If you’re a professional dog trainer, you’ve repeated “never repeat a command” countless times. Surely it’s one of life’s greatest ironies. I’ve said it myself many a time, and I’ve written about how hard it is to follow that advice. How easily the second “Sit” comes after the first one, yes? I’ve gotten pretty good at saying things just once, although that doesn’t mean I’m perfect. If I had five bucks for every time I’ve repeated “Lie Down” to my working Border collies I’d be a rich woman. But still, I’m better than most… and am the first to explain why it’s so important not to repeat a command. (If you want your dog to respond to a signal, then repeating it simply teaches him to not respond to the first time you say it and wait for the second.)
So answer me this: the man I call the “Tiger Woods of Herding,” Allisdair McRae, and the only woman who’s ever won the International Sheep Dog Trails, Julie Simpson-Hill, both repeat their commands, and do it on purpose. You can’t fault their success: between them they’ve won just about everything there is to win on the herding circuit. Their dogs are willing, brilliant and precise workers, who are as responsive as anyone’s in the world. And yet, if a dog doesn’t Lie Down when asked, their response is to say it again, but this time louder, as a correction (Do remember that we are talking about working dogs who can be 500 yards away from you, moving at a dead run, dancing on the line between herding and predation. This is NOT a time you can simply ignore behavior that is incorrect, honest.). This method does not lead to dogs who don’t lie down the first time that they are asked, it leads to dogs who are responsive and precise.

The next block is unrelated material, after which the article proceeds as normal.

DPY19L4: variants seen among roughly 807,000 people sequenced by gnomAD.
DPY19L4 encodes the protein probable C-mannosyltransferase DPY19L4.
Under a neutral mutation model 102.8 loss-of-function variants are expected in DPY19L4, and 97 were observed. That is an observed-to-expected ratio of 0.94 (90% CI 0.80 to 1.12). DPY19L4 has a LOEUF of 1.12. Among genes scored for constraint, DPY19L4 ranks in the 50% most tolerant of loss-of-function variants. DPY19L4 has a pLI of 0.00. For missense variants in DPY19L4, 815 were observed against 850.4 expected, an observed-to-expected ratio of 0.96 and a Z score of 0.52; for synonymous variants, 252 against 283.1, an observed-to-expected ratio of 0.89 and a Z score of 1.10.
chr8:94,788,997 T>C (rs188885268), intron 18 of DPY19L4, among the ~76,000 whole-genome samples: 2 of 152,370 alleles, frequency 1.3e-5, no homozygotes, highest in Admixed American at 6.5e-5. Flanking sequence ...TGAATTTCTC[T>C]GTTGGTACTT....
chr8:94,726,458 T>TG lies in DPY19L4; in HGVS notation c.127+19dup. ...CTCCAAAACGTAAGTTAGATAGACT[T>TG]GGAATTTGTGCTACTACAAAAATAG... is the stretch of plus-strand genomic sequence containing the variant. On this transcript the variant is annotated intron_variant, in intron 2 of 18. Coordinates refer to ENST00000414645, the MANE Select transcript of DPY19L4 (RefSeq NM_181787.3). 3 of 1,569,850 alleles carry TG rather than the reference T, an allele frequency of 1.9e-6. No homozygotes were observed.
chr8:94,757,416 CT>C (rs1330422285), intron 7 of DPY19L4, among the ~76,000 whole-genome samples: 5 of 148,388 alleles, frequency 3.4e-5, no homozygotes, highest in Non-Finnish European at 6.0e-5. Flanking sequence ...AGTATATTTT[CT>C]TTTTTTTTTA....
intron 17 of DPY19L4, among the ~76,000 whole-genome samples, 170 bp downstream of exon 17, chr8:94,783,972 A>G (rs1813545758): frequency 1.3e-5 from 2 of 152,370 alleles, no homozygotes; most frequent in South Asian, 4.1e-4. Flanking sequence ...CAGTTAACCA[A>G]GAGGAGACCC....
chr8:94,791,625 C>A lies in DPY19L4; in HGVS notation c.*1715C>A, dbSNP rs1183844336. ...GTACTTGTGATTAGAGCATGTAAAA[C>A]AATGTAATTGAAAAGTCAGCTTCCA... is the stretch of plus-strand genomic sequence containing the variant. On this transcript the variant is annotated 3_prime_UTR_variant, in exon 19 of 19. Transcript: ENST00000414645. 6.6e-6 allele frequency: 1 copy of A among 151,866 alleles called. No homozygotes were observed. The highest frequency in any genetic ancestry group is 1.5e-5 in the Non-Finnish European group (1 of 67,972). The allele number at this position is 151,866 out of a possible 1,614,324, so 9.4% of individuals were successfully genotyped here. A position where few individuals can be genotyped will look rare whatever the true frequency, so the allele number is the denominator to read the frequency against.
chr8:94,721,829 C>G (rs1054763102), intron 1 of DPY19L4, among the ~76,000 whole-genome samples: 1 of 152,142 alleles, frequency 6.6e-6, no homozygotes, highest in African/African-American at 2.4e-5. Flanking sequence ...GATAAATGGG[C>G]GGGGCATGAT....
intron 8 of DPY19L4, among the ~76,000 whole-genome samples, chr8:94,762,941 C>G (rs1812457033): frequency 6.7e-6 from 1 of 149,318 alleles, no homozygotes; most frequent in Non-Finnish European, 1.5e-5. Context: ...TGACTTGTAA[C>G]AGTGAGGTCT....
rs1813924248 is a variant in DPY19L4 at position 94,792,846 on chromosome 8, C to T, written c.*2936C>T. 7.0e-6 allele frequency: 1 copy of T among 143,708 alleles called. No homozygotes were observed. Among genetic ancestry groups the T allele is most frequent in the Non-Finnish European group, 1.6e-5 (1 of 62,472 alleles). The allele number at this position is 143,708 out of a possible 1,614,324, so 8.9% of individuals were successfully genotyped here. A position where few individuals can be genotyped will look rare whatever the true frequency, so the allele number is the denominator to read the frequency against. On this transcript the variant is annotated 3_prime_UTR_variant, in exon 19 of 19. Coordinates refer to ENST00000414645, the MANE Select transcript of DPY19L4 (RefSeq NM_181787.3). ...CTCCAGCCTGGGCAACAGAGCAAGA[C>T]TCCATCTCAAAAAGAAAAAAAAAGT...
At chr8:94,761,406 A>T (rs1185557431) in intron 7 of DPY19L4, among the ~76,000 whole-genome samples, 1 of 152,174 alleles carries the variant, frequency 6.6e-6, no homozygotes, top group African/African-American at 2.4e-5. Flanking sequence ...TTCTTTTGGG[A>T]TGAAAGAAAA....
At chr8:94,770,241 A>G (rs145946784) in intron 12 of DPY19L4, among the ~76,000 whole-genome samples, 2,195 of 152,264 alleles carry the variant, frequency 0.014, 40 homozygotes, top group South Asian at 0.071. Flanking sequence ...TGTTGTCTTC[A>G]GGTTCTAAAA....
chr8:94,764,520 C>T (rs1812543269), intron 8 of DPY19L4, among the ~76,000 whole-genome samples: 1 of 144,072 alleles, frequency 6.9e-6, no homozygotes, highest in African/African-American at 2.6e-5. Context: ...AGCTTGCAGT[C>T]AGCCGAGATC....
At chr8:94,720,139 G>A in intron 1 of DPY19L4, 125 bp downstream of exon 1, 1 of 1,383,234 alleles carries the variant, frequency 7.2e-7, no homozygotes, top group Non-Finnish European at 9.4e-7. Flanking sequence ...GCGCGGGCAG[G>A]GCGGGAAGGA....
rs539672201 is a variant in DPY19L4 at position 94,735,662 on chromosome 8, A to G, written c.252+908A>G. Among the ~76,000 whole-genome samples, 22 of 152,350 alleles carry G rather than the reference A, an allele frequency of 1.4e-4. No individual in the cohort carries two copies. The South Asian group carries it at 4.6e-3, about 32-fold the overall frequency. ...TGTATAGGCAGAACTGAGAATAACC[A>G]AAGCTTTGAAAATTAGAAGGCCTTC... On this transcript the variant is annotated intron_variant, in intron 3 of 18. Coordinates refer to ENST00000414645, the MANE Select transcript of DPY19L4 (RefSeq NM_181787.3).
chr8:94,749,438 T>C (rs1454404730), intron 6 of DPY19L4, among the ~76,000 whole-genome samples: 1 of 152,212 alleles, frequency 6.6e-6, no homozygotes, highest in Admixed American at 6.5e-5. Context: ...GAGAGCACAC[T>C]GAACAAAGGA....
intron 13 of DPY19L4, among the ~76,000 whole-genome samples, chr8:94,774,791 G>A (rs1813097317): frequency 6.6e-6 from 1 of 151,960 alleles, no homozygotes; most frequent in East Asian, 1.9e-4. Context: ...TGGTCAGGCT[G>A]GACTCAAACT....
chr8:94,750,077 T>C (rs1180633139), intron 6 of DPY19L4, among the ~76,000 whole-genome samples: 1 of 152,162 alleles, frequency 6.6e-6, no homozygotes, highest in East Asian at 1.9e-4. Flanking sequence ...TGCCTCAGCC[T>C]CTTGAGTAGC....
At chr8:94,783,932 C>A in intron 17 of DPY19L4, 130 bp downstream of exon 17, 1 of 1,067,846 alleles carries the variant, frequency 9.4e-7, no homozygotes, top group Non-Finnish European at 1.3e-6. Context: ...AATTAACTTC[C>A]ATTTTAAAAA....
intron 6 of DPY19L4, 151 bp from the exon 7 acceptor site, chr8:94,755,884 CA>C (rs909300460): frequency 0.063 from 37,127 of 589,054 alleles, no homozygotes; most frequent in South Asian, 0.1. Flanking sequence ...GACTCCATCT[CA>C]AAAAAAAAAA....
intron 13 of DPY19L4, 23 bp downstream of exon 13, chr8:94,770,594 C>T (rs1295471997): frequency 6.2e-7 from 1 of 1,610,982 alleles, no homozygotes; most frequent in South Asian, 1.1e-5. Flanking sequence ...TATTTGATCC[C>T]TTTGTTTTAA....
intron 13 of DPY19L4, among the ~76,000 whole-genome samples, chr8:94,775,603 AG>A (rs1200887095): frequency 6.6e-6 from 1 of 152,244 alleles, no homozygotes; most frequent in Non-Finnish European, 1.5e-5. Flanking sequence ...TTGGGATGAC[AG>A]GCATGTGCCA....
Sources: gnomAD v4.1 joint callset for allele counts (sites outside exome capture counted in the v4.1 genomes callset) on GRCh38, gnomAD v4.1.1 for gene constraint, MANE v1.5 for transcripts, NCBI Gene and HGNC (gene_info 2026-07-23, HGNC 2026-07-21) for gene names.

If this just resulted in winning trials, but with dogs who were cowed and fearful it’d be one thing, but that’s not the case. Allisdair and Julie can get into the head of a dog as well as anyone I know, and as far as I’ve seen, are relentlessly kind and thoughtful about working each and every dog.
Food for thought.